WordPress announced Twenty Twelve theme, the new default theme as a successor to the existing default theme Twenty Eleven, a while ago. WordPress.com users can — as always — taste the new theme right away. All WordPress new features are first rolled out to the WordPress.com users. When it’s safe for even larger amount of people, it’s released with WordPress.org download. However, it’s still a little early to download the new theme as WordPress hasn’t officially announced it for self-hosted blogs.

twenty twelve theme download

If you’re not used to the term, self-hosted WordPress blogs are those blogs that bloggers choose to host on their own server by paying a monthly fee to the host. It gives them the freedom to do whatever they wish with the software (WordPress).

Now, if you’re one of those self-hosted user and if you were blown away with Twenty Twelve theme, you might be looking for a way to download it. Sad that you can’t download Twenty Twelve until WordPress 3.5 is released. But that’s not entirely true. Let’s download Twenty Twelve even before it’s released.

Download Twenty Twelve

To download Twenty Twelve, you have to actually download the WordPress file itself from its development area. Github is your place where you should download WordPress from. Simply visit this URL and click Download as zip. The upcoming version of WordPress will be downloaded to your computer straight from the developers’ home.

Once the zip file is downloaded, unzip it using WinRAR or 7-Zip (If you’re dealing with web development then I must believe you have either of those) and then explore inside. You will find Twenty Twelve in wp-content -> themes -> twentytwelve. What now you need to do is zip this twentytwelve theme and upload it to your server.

To upload a theme file to your self-hosted WordPress, simply navigate to Appearance -> Themes -> Install Theme -> Upload. You will then have to browse your local drive, select the twentytwelve.zip file and upload it. Once uploaded, you will be able to activate the theme right away.

Warning: Twenty Twelve theme, although is live across the WordPress.com network, is not recommended for a live site. If you’re running a test site or if you love the new nice Twenty Twelve way too much, only then you should enable it on a live website.

Update: Zac in the comment clarified that the Twenty Twelve theme is actually being released this week. When WordPress.com wrote that they will bundle Twenty Twelve on 3.5, I thought that that’d be the first time the theme comes out. Turns out, I was wrong.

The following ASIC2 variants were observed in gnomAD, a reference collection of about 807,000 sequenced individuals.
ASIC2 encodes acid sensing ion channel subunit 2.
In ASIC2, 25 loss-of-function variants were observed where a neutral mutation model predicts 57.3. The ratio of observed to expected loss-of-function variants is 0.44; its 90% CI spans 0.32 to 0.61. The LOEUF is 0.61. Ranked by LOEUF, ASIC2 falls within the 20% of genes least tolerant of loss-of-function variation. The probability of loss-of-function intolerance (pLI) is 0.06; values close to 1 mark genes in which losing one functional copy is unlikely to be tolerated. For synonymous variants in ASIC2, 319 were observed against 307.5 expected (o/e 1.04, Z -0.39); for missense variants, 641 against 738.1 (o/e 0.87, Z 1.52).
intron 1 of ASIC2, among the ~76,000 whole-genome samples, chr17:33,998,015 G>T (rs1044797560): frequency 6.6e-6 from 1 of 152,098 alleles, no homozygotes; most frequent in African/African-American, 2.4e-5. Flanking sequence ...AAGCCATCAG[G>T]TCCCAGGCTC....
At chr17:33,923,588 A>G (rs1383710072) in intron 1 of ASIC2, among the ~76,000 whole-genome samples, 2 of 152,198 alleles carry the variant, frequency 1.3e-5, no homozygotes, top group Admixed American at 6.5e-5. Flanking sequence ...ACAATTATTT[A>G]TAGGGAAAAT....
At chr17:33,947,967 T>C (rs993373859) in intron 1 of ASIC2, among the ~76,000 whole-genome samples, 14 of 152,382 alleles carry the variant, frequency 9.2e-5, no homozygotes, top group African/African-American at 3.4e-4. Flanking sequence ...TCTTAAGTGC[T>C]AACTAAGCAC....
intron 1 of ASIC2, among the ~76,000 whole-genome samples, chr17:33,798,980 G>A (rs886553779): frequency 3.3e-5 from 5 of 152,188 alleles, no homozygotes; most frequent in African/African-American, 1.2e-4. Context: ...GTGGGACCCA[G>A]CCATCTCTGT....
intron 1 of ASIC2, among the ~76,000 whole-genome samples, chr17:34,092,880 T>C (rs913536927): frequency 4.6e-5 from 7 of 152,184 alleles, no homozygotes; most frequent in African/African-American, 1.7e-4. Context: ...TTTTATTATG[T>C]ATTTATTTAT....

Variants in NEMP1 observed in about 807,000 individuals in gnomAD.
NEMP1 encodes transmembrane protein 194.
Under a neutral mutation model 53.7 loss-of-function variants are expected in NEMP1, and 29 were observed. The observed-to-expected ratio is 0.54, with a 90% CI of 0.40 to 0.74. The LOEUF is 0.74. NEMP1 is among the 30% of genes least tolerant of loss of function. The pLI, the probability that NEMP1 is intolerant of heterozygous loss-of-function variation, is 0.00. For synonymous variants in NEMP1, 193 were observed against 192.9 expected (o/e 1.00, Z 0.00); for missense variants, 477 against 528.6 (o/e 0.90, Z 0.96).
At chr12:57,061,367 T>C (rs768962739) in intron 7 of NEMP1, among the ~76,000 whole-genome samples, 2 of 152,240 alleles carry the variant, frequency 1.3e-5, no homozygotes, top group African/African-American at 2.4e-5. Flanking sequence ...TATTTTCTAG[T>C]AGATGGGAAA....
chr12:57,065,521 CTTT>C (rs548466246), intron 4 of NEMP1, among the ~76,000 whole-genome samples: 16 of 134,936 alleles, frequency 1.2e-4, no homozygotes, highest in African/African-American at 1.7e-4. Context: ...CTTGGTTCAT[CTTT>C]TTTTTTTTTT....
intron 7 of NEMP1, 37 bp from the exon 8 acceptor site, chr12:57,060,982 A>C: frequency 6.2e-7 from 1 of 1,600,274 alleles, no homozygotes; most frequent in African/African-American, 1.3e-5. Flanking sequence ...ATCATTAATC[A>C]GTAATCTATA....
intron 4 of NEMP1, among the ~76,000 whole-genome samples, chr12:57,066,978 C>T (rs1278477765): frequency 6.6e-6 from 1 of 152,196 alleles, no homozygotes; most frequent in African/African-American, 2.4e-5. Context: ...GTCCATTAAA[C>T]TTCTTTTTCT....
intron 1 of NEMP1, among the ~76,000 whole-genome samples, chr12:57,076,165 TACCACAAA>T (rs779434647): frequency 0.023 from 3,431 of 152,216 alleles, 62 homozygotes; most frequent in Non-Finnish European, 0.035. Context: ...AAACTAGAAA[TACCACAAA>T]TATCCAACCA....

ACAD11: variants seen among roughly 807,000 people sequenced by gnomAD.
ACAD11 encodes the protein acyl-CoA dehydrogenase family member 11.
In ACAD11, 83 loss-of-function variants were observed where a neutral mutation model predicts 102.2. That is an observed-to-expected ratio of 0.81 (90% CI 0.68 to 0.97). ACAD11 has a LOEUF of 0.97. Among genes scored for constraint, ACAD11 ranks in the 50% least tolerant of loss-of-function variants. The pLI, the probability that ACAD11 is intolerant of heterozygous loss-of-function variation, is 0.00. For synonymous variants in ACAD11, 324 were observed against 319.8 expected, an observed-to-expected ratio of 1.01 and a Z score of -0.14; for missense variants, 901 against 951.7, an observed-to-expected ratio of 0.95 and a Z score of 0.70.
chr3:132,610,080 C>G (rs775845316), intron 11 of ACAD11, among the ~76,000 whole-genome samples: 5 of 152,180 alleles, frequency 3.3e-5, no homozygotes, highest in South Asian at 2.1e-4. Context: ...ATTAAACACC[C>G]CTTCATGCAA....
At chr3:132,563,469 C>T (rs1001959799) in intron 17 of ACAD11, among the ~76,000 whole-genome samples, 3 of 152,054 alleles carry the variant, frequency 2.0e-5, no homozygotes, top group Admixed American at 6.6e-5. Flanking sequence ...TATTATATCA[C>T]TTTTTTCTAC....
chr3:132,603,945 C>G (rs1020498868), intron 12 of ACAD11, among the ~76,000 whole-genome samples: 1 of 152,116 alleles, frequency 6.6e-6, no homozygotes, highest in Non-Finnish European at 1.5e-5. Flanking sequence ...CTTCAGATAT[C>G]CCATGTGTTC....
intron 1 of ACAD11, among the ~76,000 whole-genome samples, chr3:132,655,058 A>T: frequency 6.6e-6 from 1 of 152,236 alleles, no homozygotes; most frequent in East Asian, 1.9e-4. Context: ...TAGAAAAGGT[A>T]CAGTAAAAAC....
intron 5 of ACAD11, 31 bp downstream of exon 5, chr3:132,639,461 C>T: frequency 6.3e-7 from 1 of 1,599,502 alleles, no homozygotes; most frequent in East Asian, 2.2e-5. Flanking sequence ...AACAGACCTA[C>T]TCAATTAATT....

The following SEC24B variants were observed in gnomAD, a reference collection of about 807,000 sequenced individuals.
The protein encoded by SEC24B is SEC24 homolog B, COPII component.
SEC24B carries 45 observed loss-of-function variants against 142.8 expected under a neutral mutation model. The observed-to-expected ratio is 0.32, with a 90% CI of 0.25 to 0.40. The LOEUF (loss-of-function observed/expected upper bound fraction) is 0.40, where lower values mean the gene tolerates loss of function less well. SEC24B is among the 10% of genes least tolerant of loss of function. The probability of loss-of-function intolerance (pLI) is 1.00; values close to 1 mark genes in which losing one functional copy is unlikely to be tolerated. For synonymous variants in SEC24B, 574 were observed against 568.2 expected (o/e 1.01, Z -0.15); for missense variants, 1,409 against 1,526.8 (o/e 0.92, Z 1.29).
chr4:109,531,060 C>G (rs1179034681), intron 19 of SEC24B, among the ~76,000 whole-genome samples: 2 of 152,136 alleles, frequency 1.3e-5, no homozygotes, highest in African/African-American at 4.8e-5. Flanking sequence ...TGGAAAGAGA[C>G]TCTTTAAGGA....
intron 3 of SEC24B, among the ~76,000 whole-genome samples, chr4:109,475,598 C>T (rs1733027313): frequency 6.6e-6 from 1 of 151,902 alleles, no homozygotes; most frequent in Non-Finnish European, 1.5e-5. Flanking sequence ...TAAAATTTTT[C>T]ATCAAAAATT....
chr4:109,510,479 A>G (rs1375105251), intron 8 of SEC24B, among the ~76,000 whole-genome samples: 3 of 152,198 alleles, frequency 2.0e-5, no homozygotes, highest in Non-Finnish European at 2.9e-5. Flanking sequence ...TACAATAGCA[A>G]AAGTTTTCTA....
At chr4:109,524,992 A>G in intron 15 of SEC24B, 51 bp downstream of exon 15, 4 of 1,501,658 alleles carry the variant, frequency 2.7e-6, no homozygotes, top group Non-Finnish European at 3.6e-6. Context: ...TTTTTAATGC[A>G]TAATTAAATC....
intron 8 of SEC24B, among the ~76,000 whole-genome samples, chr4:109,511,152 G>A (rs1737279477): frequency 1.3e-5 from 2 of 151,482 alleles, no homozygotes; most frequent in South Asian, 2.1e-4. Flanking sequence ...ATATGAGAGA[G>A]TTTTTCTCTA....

Will You be Using it?

To be honest, I’m in love with Twenty Twelve. Although the theme looks more like a Sandbox theme intended for CSS experts, the open-sans font makes the theme look gorgeous right out of the box. I never really liked Twenty Eleven, the current default theme of WordPress. Twenty Ten was the best default theme to date.

If I were to sort WordPress default themes in terms of how awesome they are, I’d sort them as 1) Twenty Ten, 2) Twenty Twelve and 3) Twenty Eleven. What about you?

4 thoughts

  1. This story is a bit misleading. The Twenty Twelve theme and the 3.5 version of WordPress are two different things. Twenty Twelve is actually being released two days from now, on Wednesday the 26th (for wordpress.org users) and WordPress 3.5 is being released much later than that.

    If you’re planing to build a child theme of Twenty Twelve I would definitely wait until they officially release it because the developers are most likely going to be doing a lot of last minute work in the next couple days to get it ready which means it could break your theme.


    1. You’re right actually. I misunderstood when WordPress.com said that the new theme will be bundled with 3.5. I thought that’d be the first time the theme will be officially released. Thanks for the heads up.

      As for child theme, I agree with you. I just wanted to let fellow bloggers and anyone Googling around know that there’s a way you can download and test it on your local host or test website. Like I said, it’s not even perfect (probably) for live sites unless your’e on WordPress.com, let alone building child themes on it.

      Thanks again. 🙂


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